Flying efficiency of aircrew cannot be at its highest unless they are protected from thermal stress [26]. Task performance is impaired when heat stress reaches certain levels. In military flying it is possible to derive conditions that would be appropriate to crew comfort after due considerations of those basic principles that govern heat exchange. Thus, it is imperative that thermal comfort of the aircrew should be the primary aim in the design of climatic conditions within aircraft cabin, but should it prove impossible to meet the defined requirements prior to take-off, then recourse must be made to on ground solutions to minimize heat strain [26]. If a low level sortie is planned, where cockpit heat stress is more than other sortie profiles (step-up or endurance), it is pertinent to focus on the requirements of reducing pre take-off duration and adopting pre-cooling methods. Pre-cooling is a must, especially in afternoon hours so that the fighter pilot is spared excessive heat strain prior to being airborne. This includes covering the canopy, wetting the canopy cover and using mobile air conditioning units [26]. It is also advisable to restrict low level sorties to the early hours of the day with minimum time in pre take-off stage. These simple methods could be easily adopted to reduce the pre take-off heat load on the operator.

It was found that during Phase I, some pilots took only 4 min to start-up after entering the cockpit, and others took 19min. Similarly, during phase III, some pilots took 11 min from canopy-closure to warm-up while others took up to 20 min. Since the minimum pre take-off duration in this study was 23 min and the maximum, 45 min, it was not surprising to find that the major contribution to delay in takeoff was due to time spent in Phase 111, followed closely by Phase I. But this is where intervention is possible to reduce the duration of exposure to the pre take-off heat stress. Care must be taken, while planning day sorties in the summer months, to minimize the time spent in the cockpit prior to take off as far as it is operationally feasible. Since it is possible to complete all checks prior to start-up in 4 minutes, one should try to; similarly, since it is possible to warm-up for a take-off after canopy closure within 11 minutes that should be aimed at. Since Phase II and IV together take 2 to 6 minutes, the time spent by a fighter pilot in the cockpit of a modern fighter aircraft can, thus theoretically, be brought down to the range of 17 to 21 min if a conscious and deliberate attempt is made to do so.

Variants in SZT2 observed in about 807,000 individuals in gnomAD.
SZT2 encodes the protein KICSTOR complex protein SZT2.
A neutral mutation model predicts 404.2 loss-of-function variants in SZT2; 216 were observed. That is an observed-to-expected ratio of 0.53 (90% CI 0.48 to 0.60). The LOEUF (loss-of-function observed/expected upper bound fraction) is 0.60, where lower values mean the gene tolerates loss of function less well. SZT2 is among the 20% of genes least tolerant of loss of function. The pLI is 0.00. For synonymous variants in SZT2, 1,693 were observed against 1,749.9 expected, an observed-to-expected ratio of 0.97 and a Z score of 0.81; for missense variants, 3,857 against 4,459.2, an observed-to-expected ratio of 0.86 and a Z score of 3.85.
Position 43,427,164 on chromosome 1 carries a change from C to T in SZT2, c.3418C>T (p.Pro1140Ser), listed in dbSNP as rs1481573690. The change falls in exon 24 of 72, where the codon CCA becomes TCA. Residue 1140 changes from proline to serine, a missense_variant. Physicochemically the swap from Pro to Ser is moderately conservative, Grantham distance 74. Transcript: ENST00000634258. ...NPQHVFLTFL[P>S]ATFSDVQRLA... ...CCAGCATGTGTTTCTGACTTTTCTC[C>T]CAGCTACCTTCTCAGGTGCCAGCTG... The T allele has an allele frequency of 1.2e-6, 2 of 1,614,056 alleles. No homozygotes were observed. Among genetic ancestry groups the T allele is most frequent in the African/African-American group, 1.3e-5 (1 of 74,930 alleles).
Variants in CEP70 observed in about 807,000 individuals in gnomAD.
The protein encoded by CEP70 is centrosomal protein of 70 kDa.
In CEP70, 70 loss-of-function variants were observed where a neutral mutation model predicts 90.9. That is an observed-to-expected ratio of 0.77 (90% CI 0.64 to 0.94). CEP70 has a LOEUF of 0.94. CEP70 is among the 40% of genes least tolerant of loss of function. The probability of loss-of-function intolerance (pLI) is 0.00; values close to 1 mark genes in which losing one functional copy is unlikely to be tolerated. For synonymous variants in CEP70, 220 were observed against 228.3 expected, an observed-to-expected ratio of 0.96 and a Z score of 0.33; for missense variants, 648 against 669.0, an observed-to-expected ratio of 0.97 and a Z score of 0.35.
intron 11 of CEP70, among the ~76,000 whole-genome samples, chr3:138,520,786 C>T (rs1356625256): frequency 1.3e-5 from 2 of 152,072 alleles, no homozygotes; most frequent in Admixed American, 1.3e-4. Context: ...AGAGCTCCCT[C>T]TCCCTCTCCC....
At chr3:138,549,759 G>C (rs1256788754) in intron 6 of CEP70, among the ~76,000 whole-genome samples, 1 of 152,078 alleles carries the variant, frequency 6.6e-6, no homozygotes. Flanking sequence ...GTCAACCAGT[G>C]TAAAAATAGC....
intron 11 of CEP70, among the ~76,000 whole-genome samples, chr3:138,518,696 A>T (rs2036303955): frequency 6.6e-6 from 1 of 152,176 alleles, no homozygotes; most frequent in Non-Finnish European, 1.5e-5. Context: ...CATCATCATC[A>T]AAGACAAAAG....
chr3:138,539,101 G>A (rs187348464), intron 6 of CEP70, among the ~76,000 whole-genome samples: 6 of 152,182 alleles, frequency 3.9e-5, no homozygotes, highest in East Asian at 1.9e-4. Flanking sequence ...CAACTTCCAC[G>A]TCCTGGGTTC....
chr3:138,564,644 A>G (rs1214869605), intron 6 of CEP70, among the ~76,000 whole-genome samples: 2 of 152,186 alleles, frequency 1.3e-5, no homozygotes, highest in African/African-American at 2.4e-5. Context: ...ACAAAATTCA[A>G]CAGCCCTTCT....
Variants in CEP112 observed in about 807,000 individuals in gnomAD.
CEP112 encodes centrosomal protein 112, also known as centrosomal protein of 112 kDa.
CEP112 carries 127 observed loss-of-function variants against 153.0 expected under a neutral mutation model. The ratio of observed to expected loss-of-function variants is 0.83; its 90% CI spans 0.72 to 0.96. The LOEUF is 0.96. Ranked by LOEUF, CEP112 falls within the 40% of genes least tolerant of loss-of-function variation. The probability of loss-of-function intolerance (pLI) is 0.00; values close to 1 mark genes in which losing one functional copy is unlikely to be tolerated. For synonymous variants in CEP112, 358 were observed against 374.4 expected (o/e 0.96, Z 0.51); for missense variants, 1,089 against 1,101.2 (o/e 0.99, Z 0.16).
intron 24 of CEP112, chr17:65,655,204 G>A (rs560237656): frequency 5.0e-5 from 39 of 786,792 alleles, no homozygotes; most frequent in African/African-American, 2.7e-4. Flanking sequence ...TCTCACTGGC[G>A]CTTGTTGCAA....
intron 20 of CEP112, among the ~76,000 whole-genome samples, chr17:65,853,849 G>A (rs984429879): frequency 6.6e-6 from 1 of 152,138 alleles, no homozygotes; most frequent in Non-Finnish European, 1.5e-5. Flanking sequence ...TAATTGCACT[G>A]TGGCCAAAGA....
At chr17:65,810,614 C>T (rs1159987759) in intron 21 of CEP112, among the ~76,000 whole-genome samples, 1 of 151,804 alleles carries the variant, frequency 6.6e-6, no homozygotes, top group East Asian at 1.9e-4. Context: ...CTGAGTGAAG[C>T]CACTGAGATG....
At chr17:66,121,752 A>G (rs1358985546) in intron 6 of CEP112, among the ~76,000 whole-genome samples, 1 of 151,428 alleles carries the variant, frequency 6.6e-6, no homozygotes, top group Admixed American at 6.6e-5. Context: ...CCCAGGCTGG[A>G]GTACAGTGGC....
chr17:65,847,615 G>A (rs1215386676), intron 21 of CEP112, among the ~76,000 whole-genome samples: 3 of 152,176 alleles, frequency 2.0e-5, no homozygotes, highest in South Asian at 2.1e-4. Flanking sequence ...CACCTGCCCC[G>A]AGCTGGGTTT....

When sorties are planned in afternoon hours, it is important that the least amount of time is spent in pre take-off (Phase I-IV), after canopy-closure (Phase III and IV) and in the checks that precede start-up (Phase f). This is especially important because of the significant statistical difference, revealed in this study, in cockpit heat stress between forenoon and afternoon sorties in entire pre takeoff stage of sorties, more so after canopy-closure (Phase 111 and IV) and Phase I of the pre take-off stage.

Cockpit heat stress is more than ambient because several aircraft factors contribute to increase the thermal stress inside the cockpit [24-26]. In the Indian tropical climate, the implications of these additional factors are much more serious than what they are in countries with moderate and cold climates [7,8, 10,28]. It is important to mention at this point that the efficiency of the ACS is compromised in hot weather conditions in older Russian fighter aircraft [1-3], where efficient cooling is known to start after the aircraft climbs above 2 Km, with ram air-cooling being an essential requirement of such a system.

Operational guidelines exist for cancellation of sorties, whenever the OAT (Tdb) is higher than 40°C, it is more applicable to the low level sorties rather than other sortie profiles (mid-level/ step-up and endurance). This study draws attention to the pre take-off duration which extends from 23 to 45min (Fig 1), where 75% of the sorties were found have unacceptable heat stress during the pre take-off stage, despite of comfortable ambient conditions (27.0/33.4°C OAT/Tdb). If this study was undertaken at ambient temperature nearing the maximum permissible limit (< 40°C) [29], the recorded heat stress during pre take-off would have been startlingly alarming. Thus performance decrement that accompanies prolonged exposure to heat must not be ignored in military flying [24,30].

This study emphasized that the heat stress encountered during pre take-off largely goes unnoticed, unregistered, unaccounted for and ignored. We would like to draw the attention of the medical and operational fraternity to the obvious heat stress on the occupant of a fighter cockpit, so that necessary precautions can be suggested at the squadron level [26]. It is reiterated that phase HI ranges from 11 to 20 min and maximum amount of time is spent in this phase. This is the phase where the pilot is inside a closed cockpit, taxing to the take-off point and awaiting permission for take-off. Statistical evidence draws focus to the heat load on a pilot after canopy closure, especially during afternoon hours. A concerted coordination between ATC and the pilot will help in minimizing the duration of this phase and hence the pre take-off heat stress which if ignored could be incapacitating [30], especially in fighter flying.